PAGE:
Readers of the Skircoat Green Directory will be aware of the recent focus by Halifax Civic Trust on the ancient route to the east of the town, The Wakefield Gate or Magna Via. The launch of new information boards, signage along the route, and very much more, is scheduled for late March. Various HCT Committee members, under the able direction of Gwyneth Crawley, are contributing to a most exciting project.
Having myself contributed to this scheme a paragraph about Anne Lister’s use of the route, rather late in the day I came across an account of the Old Bank section written in 1853 by local councillor, merchant, Liberal agent and artist, Joseph Sugden, and published in the Halifax Courier within a few months of its launch. Here is the part which is relevant:
“When last I ascended this bank, which, by the way, I may remark was once the great London Road, it was in company with two highly esteemed friends of mine, both in the council, and, as I shall have to allude to them, I will term one ‘Mr Antiquity’ and the other ‘Mr Florist’. The former gentleman told me that the first waggon load of wool that should have entered the town from this side was obliged to be unloaded at the crest of the hill, the bales rolled down its brow, and the waggon with its lessened load brought carefully down this truly precipitous pathway. We keep the old road and turn up Wiscombe, and here we find the old setting more distinct than we have perceived it hitherto. “Fancy,” says Mr. A., “the fast or express waggon to London coming up this bank requiring twelve horses and during the journey to town in the moderate length of twelve and fourteen days.” But these were times when our forefathers made their wills, and bade solemn farewell to all before starting out upon such a long and perilous journey. Though in many places it appears quite evident little or no traffic has existed upon this cart road for many years, yet you see the massive setts, worn six and eight inches, by the action of the wheels, which, long before our time, toiled up and down this precipice… A little to our right is the place where the man was gibbeted and hanging chains for the murder of the Exciseman, and our friend Mr Antiquity remembers in childhood the house where the old hag lived who gathered up his bones as they dropped from his decayed carcass. Arrived at the brow of the hill, we will turn round, and here you see Halifax spread out, like a map, at our feet. There is the Piece Hall like an immense square coffin; there, and there, and there its churches and chapels, that speak of its attention to better things, rearing their massive bodies…”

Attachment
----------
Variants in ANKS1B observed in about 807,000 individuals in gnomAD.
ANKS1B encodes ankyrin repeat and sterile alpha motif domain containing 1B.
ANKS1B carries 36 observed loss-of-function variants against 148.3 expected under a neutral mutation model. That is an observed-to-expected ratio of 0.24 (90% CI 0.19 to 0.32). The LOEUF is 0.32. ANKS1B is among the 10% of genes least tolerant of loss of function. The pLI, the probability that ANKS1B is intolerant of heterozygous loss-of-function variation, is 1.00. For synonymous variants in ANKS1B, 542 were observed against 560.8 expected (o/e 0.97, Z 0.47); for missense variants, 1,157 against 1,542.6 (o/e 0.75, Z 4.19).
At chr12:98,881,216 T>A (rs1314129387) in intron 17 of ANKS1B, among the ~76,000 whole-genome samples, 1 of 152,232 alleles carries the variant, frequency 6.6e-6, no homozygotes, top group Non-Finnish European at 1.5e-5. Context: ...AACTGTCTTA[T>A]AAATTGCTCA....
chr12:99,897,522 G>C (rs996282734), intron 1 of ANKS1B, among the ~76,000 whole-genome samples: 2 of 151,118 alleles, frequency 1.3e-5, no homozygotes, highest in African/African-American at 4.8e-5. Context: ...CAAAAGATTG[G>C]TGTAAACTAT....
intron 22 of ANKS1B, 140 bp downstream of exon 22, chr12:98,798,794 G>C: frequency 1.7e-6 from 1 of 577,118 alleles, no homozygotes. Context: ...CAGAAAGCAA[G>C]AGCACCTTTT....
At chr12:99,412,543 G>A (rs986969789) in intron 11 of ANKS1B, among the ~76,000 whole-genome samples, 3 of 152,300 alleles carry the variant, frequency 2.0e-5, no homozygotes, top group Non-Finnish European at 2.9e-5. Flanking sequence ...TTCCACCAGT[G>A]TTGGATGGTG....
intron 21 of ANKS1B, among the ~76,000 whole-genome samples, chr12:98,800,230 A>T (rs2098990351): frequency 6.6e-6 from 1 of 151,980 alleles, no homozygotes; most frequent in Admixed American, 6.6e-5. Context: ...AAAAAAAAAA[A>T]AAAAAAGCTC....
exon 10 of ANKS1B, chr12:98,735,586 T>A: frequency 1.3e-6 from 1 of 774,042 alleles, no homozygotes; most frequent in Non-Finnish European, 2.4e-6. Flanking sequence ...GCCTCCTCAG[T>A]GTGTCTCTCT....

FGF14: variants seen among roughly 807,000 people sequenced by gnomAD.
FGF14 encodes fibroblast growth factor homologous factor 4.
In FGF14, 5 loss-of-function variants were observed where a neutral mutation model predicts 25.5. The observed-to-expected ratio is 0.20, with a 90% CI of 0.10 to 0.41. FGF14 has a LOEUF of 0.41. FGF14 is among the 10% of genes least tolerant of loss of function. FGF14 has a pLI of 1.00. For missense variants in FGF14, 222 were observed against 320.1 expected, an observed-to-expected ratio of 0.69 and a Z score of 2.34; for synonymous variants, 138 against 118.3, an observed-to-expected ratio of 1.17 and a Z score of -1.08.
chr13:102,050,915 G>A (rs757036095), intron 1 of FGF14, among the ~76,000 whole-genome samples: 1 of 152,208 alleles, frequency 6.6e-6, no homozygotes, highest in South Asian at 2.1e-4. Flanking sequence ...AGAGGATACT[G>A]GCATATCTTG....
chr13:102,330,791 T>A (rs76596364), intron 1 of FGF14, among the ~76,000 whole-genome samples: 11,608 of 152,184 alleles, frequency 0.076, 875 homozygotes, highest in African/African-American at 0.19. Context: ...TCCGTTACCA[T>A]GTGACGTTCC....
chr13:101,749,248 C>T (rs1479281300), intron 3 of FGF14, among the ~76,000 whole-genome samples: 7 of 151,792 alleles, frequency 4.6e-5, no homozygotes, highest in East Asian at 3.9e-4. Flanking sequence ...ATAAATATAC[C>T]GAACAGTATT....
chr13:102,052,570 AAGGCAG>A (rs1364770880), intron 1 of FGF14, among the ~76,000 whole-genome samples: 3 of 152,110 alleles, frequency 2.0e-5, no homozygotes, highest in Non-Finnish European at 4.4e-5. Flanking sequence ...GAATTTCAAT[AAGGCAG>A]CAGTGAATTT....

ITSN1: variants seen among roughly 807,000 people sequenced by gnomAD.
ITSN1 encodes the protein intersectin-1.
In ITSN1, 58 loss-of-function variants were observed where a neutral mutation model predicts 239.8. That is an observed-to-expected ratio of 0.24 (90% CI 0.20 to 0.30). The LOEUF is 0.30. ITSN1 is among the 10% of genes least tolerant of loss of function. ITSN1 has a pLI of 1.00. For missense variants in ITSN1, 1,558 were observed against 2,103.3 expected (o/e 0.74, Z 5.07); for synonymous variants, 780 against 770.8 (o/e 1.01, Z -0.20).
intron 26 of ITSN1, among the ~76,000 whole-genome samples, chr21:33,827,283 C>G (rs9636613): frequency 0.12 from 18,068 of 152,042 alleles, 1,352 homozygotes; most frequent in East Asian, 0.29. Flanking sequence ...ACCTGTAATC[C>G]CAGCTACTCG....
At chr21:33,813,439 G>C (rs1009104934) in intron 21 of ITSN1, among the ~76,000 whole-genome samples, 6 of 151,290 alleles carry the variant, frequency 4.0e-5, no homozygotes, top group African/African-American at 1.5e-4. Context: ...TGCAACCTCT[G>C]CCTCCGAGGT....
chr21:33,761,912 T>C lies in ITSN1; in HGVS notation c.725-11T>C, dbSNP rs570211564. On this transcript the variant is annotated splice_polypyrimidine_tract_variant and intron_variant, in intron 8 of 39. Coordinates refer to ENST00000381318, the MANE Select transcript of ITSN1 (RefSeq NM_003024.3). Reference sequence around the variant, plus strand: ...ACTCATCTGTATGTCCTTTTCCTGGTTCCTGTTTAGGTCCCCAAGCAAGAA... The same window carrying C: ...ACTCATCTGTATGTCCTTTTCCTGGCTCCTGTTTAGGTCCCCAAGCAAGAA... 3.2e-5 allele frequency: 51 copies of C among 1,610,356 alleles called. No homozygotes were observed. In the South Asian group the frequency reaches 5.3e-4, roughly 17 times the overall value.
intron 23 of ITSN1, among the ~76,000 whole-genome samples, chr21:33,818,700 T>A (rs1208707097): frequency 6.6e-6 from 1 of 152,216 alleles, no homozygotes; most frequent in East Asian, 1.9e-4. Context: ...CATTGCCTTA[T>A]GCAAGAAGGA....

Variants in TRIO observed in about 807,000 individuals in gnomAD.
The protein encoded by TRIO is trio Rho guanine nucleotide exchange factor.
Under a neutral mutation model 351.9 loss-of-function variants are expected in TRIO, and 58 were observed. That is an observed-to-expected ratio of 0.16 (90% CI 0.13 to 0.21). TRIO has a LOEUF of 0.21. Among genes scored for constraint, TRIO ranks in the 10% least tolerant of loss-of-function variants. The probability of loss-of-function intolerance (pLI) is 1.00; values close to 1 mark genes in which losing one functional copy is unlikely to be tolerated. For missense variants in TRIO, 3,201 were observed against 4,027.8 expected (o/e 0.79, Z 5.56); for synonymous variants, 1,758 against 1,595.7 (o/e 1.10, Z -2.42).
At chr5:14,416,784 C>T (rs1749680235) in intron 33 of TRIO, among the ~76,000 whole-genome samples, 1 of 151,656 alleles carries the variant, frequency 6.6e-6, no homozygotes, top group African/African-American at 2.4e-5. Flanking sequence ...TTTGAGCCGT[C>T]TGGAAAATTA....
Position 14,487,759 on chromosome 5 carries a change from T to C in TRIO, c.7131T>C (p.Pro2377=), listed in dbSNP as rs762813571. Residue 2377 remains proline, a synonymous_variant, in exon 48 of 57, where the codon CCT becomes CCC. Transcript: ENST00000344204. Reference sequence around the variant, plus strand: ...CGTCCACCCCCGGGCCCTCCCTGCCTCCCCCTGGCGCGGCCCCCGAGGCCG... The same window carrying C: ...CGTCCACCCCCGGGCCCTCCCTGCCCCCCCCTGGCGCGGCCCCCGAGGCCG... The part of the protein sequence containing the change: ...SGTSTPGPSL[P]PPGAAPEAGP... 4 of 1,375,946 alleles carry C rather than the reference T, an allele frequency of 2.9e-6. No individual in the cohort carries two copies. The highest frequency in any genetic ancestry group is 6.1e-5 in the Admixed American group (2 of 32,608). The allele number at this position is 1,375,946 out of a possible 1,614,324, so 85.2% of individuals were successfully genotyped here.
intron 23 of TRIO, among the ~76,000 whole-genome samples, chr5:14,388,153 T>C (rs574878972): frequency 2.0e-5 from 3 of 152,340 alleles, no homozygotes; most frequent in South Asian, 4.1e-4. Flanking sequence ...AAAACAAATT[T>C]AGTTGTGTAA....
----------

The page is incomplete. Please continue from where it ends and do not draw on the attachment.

Sugden wrote under the pseudonym of Josephus. He had been familiar with the route from his youth, for he was born in 1816 at Folly Hall, to the right of Old Bank just below Beacon Hill Road (not then in existence). Just a few stones remain of this old structure among the trees; it was demolished well before 1900. As a young man Sugden was friendly with Branwell Bronte, whose artistic ability he shared. His remarkable political cartoons completed later in life, survive in local Archives, and are wonderful depictions of hustings, canvassing and voting before the days of the secret ballot. For these sketches, Sugden used the delightful nickname of ‘Humphrey Thwackem junior.’ He lived latterly in Blackwall, and was almost blind at the end of his life. He died at Blackpool in 1877, being buried in Lister Lane Cemetery, in front of the Crossley vault. He had been the political agent to Sir Francis Crossley.
Having recently been leading heritage walks connected with the Coiners, I found Sugden’s gruesome mention of the deteriorating body of a killer of William Dighton in 1769, of considerable interest. The old woman mentioned was called Phoebe.
David C Glover
Vice-Chair, Halifax Civic Trust
ED: A detailed route of the Wakefield Gate Walk can be read online at sites.google.com/view/civictrusthalifax/wakefield-gate